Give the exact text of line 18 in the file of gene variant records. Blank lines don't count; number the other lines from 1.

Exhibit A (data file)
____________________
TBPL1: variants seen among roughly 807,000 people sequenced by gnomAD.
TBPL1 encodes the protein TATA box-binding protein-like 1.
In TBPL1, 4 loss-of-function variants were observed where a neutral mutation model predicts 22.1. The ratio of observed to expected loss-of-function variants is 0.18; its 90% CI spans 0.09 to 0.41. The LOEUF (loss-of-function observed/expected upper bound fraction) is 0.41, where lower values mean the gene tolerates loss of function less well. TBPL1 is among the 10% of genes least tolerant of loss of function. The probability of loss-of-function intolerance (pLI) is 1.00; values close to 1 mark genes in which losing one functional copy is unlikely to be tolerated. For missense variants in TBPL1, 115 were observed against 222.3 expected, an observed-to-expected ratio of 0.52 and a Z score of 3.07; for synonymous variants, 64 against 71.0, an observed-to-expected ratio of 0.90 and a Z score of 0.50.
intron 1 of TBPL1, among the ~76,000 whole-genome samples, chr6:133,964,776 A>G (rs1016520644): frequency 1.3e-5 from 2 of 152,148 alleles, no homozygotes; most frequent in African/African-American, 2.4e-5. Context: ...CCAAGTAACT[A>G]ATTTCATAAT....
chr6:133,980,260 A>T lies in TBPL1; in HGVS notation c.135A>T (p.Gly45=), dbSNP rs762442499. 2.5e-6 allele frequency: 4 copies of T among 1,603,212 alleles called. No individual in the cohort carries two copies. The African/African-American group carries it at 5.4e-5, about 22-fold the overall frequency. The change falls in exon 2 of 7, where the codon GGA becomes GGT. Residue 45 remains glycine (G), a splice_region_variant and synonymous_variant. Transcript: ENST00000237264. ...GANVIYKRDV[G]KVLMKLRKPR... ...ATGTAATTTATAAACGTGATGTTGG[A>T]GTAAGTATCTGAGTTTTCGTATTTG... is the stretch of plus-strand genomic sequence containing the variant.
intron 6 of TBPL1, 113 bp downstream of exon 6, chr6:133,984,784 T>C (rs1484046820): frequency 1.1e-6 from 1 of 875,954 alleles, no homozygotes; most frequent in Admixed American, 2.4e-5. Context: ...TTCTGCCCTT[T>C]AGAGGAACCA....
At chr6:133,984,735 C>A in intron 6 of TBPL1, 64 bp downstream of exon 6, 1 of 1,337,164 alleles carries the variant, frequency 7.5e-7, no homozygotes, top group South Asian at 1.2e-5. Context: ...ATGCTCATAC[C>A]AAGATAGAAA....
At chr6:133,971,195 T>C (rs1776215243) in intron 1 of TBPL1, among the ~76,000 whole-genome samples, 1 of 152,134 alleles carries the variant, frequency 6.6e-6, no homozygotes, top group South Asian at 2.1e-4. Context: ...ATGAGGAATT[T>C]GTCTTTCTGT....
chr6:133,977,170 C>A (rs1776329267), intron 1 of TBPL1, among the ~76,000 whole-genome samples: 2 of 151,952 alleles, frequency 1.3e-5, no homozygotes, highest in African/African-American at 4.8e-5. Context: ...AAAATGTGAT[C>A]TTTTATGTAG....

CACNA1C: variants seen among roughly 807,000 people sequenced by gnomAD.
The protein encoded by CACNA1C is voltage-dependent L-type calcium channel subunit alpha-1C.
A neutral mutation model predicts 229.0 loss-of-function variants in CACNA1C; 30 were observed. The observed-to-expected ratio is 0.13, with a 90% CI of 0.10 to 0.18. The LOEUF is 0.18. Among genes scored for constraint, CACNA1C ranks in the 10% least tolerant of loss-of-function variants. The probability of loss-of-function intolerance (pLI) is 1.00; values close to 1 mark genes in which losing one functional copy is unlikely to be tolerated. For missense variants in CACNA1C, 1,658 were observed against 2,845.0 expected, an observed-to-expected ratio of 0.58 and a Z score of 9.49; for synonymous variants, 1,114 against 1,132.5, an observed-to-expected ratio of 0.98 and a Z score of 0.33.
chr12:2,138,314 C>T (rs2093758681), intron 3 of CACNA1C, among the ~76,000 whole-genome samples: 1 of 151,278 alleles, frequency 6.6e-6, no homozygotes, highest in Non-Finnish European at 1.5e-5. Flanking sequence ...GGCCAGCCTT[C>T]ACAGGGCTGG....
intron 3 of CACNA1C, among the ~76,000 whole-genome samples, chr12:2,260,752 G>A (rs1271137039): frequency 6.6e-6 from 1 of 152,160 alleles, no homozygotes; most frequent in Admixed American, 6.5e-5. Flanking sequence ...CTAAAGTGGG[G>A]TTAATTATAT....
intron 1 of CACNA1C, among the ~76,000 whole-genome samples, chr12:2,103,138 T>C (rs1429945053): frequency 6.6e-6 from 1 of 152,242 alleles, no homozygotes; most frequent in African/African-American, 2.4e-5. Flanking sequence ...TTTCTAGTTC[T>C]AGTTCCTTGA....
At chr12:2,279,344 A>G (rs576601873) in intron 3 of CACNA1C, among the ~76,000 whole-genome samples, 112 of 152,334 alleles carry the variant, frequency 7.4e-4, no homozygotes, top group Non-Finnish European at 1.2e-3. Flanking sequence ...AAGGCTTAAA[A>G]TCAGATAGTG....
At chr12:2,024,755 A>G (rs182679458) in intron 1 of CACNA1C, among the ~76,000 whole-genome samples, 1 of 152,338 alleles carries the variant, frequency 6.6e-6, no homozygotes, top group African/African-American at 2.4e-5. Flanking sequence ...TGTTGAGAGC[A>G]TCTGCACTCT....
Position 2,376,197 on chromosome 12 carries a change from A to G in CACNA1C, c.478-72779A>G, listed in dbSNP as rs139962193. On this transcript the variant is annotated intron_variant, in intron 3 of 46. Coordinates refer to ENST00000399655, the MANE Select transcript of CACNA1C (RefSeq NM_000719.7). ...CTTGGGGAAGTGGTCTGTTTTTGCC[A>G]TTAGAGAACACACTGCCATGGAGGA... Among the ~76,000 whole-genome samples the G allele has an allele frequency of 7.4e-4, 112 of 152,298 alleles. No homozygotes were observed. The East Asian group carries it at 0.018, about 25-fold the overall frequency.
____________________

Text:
Position 2,376,197 on chromosome 12 carries a change from A to G in CACNA1C, c.478-72779A>G, listed in dbSNP as rs139962193. On this transcript the variant is annotated intron_variant, in intron 3 of 46. Coordinates refer to ENST00000399655, the MANE Select transcript of CACNA1C (RefSeq NM_000719.7). ...CTTGGGGAAGTGGTCTGTTTTTGCC[A>G]TTAGAGAACACACTGCCATGGAGGA... Among the ~76,000 whole-genome samples the G allele has an allele frequency of 7.4e-4, 112 of 152,298 alleles. No homozygotes were observed. The East Asian group carries it at 0.018, about 25-fold the overall frequency.